• A clear investment objective – so you can choose which trust is right for you
  • A price that can (usually) be tracked daily so you can follow your performance
But as listed companies, investment trusts also offer additional advantages:

Independent board

The board oversees shareholders’ interests, including ensuring the investment manager is delivering on the agreed objectives and that charges are competitive.

Shareholder rights

As with all public companies, shareholders can attend annual general meetings and propose and vote on issues.

Daily liquidity

Shares can be bought and sold daily even if they hold ‘illiquid’ investments like property or shares in private companies

Income reserves

Trusts can hold back some of their investment income year to year to help smooth out future ‘dividend’ payments.


Trusts can borrow money to invest if they wish. This can boost potential returns – but can also increase magnify losses.

Intra-day trading & pricing

Investment trust shares trade (and their price changes) throughout the day – not once a day like other funds.

Investment advantages

These unique features allow investment trusts to play some important roles in a portfolio:
To hold ‘illiquid’ and specialist assets – Investment trusts can hold investments that can’t be liquidated easily while still allowing their own shares to be bought and sold daily. This makes them popular for investing in property, private equity and other specialist asset classes. (Investors need to accept that the market price of their shares could be ‘at a discount’ to the value of the underlying assets.)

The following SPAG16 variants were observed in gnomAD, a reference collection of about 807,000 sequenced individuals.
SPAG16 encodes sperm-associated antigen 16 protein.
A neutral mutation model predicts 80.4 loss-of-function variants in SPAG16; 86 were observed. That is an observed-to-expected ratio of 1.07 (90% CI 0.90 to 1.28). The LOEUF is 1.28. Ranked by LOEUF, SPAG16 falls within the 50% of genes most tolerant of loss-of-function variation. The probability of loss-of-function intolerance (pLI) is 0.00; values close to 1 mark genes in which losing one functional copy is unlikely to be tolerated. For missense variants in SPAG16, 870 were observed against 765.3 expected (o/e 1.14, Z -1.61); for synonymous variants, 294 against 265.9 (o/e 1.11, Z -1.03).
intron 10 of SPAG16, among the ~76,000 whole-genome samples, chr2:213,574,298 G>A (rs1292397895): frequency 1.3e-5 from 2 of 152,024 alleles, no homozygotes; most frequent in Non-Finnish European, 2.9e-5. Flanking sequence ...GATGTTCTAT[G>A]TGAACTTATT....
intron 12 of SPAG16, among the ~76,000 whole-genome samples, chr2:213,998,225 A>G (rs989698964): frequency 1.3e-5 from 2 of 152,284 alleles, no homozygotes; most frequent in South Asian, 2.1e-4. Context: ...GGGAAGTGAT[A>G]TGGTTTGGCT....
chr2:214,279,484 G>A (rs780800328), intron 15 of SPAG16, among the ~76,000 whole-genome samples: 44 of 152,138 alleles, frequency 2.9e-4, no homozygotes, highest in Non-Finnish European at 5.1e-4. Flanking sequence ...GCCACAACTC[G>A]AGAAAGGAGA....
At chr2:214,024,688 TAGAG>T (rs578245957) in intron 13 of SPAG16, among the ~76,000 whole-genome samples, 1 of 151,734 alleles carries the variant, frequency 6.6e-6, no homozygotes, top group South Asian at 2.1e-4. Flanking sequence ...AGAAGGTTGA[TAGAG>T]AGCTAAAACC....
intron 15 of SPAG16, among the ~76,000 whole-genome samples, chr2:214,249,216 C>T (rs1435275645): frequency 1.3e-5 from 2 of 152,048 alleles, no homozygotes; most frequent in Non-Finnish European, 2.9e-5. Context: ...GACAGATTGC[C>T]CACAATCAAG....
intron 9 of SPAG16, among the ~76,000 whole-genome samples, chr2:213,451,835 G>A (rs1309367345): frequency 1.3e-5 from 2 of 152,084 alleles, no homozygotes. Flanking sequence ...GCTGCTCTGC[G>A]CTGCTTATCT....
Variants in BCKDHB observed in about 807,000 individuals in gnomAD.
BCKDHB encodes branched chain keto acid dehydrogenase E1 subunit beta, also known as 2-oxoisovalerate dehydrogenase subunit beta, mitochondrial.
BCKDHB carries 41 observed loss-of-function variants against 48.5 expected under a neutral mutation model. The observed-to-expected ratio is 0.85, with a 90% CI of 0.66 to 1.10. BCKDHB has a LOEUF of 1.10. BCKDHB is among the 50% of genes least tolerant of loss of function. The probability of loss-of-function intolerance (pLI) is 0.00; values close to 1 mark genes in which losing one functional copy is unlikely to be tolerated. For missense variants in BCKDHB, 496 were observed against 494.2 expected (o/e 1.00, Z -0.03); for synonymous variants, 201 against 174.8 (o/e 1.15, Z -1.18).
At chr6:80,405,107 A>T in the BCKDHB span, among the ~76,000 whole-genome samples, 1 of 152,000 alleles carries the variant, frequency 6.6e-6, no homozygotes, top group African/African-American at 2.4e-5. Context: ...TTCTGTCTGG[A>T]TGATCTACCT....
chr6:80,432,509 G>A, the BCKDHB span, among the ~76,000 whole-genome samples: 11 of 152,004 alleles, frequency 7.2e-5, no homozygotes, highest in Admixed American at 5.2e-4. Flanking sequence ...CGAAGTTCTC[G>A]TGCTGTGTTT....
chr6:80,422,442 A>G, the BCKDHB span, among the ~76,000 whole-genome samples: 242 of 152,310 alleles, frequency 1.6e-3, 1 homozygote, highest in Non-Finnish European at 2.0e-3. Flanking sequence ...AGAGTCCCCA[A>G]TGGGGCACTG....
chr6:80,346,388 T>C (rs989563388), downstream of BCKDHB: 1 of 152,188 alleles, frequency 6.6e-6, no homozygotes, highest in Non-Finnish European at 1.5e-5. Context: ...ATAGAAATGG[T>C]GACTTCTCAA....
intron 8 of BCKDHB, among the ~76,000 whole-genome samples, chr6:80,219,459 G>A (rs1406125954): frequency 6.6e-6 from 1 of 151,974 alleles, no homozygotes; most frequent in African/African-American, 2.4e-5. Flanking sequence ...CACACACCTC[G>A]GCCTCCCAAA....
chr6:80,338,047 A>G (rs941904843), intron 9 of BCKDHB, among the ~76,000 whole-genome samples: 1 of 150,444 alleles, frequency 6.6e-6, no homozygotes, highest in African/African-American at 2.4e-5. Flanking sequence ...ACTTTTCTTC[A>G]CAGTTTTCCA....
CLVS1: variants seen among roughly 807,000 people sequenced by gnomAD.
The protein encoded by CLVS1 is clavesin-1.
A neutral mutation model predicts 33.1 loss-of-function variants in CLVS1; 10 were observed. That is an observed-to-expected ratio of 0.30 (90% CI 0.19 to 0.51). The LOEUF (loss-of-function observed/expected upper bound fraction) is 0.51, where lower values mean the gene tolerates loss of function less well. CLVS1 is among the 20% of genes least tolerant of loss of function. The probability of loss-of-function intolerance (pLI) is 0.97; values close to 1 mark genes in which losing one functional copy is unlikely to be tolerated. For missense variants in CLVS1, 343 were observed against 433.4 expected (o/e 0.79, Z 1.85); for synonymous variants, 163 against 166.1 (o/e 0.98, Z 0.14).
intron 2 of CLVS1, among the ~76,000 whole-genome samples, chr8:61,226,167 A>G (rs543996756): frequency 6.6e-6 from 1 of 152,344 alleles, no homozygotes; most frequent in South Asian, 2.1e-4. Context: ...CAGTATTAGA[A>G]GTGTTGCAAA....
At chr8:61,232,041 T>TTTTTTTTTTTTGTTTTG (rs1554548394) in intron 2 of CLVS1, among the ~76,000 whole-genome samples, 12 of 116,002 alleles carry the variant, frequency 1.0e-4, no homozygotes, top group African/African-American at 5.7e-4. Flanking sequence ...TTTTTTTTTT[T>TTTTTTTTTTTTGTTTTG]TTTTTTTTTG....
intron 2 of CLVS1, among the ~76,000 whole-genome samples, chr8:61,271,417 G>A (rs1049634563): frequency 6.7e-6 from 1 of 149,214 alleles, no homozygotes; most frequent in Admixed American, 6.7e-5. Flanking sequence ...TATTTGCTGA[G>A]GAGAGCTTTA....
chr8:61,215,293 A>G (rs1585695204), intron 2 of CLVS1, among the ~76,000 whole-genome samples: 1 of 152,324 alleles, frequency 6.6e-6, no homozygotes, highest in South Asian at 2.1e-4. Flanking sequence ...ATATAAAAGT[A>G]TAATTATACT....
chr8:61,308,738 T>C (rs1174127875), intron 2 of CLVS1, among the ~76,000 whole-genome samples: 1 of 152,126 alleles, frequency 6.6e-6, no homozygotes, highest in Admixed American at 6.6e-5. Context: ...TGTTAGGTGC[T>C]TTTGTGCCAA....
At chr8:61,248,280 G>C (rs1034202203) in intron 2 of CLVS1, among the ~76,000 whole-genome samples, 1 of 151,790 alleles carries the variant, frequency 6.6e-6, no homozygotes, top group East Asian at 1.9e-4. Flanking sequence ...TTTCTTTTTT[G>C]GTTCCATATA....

To aim for steady income – Because they can hold back profits from year to year, investment trusts can aim to deliver a steady and rising income, even in challenging markets. The AIC details investment trusts that have increased their dividend for 20 years or more.
To achieve active management at low cost – Larger ‘generalist’ trusts investing in the UK or globally use their economies of scale and efficient corporate structure to have highly competitive management fees.

Risks to be aware of

The value of investments and the income from them - Can go down as well as up and you may get back less than the amount invested.
Share price volatility – Because the price of investment trust shares is driven by market demand (not just the performance of the underlying investment portfolio) they can be more volatile than other types of fund.
Discounts – If market demand for shares is low, an investment trust’s shares may trade below the value of its net asset value. Trading ‘at a discount’ means your shares don’t reflect the full value of their underlying investments.
Gearing risk – Holding a high level of borrowing can increase potential losses if markets fall in value. Highly-geared trusts can see more volatility in their share price.

Want to learn more?

If you would like to know more about investment trusts and how they work, visit the AIC website.*

*This is an external site. abrdn is not responsible for its content.